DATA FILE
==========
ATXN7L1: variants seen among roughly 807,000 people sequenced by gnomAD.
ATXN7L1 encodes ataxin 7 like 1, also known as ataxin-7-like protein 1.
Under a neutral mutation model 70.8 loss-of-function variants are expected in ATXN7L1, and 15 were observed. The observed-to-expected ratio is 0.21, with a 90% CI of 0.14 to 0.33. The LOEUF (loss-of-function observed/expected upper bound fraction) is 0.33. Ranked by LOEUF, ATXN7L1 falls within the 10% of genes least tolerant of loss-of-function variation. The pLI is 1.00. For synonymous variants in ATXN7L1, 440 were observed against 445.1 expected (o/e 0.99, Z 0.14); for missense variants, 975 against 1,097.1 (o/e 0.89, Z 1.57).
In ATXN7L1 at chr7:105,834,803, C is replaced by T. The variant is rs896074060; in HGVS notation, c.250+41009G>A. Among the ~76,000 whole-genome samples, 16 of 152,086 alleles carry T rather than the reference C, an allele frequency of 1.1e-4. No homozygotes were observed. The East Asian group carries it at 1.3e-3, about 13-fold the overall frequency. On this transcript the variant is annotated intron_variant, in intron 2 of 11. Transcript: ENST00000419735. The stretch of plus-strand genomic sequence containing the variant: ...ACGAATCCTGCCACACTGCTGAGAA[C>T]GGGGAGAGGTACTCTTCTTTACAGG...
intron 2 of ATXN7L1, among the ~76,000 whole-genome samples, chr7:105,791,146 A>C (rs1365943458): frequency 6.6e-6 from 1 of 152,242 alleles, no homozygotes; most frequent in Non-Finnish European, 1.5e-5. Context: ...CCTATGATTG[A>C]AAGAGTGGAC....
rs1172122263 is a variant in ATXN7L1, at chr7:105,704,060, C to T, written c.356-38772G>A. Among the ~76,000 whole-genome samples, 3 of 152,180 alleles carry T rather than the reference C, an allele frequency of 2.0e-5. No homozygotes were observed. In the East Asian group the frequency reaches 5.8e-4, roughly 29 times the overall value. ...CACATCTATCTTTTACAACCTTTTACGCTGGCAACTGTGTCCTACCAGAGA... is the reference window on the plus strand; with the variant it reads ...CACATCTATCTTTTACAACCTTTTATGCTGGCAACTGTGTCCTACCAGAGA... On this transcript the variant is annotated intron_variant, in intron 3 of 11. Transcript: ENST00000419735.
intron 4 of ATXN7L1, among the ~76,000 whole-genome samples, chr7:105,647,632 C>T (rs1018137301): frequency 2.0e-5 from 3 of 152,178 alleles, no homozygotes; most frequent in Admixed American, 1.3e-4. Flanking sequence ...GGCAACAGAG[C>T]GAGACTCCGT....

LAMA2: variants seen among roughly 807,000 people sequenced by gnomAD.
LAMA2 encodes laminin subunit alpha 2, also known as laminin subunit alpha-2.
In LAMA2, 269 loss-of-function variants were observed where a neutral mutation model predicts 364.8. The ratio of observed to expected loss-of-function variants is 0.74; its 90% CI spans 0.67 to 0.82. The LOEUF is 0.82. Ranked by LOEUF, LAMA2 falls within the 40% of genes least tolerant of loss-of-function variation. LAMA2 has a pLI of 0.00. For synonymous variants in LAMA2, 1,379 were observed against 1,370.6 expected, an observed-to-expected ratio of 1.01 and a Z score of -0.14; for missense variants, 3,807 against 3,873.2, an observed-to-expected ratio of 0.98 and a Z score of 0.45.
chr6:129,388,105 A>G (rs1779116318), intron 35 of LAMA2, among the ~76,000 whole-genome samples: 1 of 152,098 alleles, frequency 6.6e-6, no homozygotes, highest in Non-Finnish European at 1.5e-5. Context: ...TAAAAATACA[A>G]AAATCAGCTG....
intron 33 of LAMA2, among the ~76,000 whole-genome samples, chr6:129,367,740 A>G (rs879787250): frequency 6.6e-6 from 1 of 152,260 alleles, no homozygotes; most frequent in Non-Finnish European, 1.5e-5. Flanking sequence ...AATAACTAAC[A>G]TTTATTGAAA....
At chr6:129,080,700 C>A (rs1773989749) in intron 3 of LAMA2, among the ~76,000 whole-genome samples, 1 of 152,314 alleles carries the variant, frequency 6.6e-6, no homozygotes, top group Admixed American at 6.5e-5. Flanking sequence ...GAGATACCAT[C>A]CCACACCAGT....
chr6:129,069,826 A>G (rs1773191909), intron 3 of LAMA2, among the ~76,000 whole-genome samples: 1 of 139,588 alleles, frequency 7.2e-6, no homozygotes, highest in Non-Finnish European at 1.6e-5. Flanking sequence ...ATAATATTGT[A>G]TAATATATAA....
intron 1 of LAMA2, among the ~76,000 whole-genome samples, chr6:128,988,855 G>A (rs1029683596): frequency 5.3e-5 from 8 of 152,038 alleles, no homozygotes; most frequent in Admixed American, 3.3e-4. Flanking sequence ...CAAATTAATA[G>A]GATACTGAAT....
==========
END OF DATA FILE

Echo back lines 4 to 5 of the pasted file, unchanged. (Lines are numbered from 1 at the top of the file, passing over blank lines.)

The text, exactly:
In ATXN7L1 at chr7:105,834,803, C is replaced by T. The variant is rs896074060; in HGVS notation, c.250+41009G>A. Among the ~76,000 whole-genome samples, 16 of 152,086 alleles carry T rather than the reference C, an allele frequency of 1.1e-4. No homozygotes were observed. The East Asian group carries it at 1.3e-3, about 13-fold the overall frequency. On this transcript the variant is annotated intron_variant, in intron 2 of 11. Transcript: ENST00000419735. The stretch of plus-strand genomic sequence containing the variant: ...ACGAATCCTGCCACACTGCTGAGAA[C>T]GGGGAGAGGTACTCTTCTTTACAGG...
intron 2 of ATXN7L1, among the ~76,000 whole-genome samples, chr7:105,791,146 A>C (rs1365943458): frequency 6.6e-6 from 1 of 152,242 alleles, no homozygotes; most frequent in Non-Finnish European, 1.5e-5. Context: ...CCTATGATTG[A>C]AAGAGTGGAC....